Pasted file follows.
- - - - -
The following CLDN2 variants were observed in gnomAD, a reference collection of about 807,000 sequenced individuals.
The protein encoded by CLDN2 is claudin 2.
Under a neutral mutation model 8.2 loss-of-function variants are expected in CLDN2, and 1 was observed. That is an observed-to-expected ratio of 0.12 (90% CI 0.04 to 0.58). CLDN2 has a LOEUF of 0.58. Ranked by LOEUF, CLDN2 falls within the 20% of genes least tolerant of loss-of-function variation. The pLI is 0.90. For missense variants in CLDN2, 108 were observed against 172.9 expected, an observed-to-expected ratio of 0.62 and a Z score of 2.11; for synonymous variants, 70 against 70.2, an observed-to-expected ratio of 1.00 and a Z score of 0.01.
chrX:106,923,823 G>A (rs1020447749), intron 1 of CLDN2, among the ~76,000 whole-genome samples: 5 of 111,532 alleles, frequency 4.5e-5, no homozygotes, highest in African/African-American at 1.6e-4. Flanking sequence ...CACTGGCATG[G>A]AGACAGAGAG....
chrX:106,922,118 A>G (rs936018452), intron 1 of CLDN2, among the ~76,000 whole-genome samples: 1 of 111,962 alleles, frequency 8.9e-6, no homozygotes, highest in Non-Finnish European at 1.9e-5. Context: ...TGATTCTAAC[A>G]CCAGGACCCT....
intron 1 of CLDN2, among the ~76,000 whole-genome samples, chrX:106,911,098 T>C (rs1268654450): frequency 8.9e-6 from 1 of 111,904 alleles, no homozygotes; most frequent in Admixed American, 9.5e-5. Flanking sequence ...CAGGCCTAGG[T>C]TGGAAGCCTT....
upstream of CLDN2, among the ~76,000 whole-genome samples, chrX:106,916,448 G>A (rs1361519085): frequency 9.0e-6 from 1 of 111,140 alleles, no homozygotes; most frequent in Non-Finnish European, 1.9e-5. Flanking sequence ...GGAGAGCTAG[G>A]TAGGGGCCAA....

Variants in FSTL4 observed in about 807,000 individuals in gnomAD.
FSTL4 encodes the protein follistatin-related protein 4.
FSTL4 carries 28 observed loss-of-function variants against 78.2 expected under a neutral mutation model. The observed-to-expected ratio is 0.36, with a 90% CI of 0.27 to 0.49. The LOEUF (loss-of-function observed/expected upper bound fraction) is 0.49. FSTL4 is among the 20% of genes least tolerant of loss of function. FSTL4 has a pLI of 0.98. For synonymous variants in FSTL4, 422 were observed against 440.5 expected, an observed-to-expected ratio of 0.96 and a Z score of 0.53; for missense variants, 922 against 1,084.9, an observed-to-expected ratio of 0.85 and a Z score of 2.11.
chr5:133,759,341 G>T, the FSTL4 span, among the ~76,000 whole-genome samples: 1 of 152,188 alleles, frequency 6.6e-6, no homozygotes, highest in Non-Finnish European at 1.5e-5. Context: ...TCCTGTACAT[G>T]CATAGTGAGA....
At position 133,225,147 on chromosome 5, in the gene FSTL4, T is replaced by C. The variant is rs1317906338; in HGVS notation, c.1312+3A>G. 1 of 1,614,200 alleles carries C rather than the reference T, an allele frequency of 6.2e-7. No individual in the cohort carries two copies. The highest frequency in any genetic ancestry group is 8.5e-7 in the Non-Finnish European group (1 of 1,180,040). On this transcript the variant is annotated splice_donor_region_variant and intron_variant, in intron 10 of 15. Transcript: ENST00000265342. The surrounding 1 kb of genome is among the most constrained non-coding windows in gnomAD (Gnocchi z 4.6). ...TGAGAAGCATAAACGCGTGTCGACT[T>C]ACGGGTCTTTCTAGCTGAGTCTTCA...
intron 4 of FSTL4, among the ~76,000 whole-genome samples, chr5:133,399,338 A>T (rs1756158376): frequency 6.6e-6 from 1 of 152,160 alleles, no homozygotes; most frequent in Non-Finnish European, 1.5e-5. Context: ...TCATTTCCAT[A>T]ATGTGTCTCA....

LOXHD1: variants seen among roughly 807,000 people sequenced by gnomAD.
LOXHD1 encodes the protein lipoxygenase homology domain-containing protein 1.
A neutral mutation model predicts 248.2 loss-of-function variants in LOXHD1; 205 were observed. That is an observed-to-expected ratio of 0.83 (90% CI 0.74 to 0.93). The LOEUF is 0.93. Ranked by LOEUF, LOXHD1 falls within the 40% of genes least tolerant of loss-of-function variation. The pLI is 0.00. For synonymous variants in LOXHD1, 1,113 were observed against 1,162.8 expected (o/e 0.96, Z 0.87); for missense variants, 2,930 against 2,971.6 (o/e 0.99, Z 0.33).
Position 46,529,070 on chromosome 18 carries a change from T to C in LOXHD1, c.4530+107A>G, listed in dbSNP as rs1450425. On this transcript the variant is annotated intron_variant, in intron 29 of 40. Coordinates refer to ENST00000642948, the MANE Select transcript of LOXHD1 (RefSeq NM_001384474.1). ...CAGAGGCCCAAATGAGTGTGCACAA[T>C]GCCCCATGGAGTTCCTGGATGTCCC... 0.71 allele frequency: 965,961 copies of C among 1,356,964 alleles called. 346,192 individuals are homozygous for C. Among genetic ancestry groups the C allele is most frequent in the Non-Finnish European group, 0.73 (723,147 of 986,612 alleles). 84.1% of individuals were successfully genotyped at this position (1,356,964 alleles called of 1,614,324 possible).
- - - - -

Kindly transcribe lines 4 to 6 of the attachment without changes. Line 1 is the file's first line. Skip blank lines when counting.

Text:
chrX:106,923,823 G>A (rs1020447749), intron 1 of CLDN2, among the ~76,000 whole-genome samples: 5 of 111,532 alleles, frequency 4.5e-5, no homozygotes, highest in African/African-American at 1.6e-4. Flanking sequence ...CACTGGCATG[G>A]AGACAGAGAG....
chrX:106,922,118 A>G (rs936018452), intron 1 of CLDN2, among the ~76,000 whole-genome samples: 1 of 111,962 alleles, frequency 8.9e-6, no homozygotes, highest in Non-Finnish European at 1.9e-5. Context: ...TGATTCTAAC[A>G]CCAGGACCCT....
intron 1 of CLDN2, among the ~76,000 whole-genome samples, chrX:106,911,098 T>C (rs1268654450): frequency 8.9e-6 from 1 of 111,904 alleles, no homozygotes; most frequent in Admixed American, 9.5e-5. Flanking sequence ...CAGGCCTAGG[T>C]TGGAAGCCTT....